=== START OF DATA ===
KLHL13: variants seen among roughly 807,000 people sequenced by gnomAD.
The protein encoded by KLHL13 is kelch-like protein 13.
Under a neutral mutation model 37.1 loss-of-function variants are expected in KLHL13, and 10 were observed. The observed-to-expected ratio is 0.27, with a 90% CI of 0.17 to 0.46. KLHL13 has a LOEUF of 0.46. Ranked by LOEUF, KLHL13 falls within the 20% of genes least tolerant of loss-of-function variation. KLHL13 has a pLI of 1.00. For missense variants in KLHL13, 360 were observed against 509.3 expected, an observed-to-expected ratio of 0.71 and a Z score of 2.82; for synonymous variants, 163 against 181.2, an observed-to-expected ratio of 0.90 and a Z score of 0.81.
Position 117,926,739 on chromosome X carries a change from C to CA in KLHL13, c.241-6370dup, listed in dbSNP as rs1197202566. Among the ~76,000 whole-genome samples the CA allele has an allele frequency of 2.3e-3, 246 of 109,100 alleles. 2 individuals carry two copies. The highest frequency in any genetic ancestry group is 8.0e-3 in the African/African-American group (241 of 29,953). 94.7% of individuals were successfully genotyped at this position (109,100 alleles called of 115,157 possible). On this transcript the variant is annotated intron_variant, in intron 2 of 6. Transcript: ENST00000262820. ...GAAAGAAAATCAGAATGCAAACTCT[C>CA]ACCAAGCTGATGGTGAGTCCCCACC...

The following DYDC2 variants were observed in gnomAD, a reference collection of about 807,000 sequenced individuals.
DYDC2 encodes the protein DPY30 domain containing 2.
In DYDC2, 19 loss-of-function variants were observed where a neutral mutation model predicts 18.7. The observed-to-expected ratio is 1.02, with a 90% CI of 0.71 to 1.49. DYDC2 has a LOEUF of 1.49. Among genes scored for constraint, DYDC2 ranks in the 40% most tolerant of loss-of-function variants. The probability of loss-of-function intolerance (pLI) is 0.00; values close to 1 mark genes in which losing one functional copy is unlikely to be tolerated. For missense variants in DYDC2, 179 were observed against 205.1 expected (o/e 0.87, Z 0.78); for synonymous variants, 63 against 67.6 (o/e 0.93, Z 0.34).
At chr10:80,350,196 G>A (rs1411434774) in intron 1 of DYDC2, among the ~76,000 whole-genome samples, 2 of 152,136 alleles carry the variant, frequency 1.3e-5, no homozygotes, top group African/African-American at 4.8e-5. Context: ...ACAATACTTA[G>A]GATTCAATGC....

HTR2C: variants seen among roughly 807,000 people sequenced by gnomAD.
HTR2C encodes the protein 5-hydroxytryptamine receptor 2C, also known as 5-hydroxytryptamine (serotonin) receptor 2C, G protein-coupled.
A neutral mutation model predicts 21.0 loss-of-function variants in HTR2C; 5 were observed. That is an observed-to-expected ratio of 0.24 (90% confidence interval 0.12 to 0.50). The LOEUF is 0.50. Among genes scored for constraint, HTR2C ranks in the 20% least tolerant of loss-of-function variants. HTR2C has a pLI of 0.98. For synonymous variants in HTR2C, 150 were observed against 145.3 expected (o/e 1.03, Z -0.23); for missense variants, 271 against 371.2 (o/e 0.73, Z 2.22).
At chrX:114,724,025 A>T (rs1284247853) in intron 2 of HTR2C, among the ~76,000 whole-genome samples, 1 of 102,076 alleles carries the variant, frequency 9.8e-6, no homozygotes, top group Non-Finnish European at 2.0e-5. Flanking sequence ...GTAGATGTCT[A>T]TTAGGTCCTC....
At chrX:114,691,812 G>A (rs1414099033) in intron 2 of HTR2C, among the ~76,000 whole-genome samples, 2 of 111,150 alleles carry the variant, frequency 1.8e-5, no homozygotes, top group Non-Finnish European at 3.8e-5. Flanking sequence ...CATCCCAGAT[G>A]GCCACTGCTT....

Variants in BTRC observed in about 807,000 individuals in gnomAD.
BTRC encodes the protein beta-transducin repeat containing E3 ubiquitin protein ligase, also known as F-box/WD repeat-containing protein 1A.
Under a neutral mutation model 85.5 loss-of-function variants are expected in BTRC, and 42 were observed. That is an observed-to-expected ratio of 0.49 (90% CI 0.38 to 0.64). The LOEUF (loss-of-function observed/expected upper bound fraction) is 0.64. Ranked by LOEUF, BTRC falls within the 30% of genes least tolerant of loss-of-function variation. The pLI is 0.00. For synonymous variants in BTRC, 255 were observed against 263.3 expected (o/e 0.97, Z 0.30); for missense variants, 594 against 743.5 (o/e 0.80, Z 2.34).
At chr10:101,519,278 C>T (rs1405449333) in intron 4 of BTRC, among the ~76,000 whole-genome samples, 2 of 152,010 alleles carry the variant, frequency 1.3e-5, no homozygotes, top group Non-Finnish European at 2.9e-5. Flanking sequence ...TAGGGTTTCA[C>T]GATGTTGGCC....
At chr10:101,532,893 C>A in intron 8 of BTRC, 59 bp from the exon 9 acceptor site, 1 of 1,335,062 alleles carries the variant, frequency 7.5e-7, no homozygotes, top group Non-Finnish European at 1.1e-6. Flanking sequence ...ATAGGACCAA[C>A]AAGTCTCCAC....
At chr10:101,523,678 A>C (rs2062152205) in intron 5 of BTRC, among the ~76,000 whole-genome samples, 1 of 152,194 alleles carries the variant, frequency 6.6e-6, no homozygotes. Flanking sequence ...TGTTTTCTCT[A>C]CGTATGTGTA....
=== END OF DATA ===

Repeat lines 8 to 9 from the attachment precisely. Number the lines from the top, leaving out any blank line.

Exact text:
At chr10:80,350,196 G>A (rs1411434774) in intron 1 of DYDC2, among the ~76,000 whole-genome samples, 2 of 152,136 alleles carry the variant, frequency 1.3e-5, no homozygotes, top group African/African-American at 4.8e-5. Context: ...ACAATACTTA[G>A]GATTCAATGC....

HTR2C: variants seen among roughly 807,000 people sequenced by gnomAD.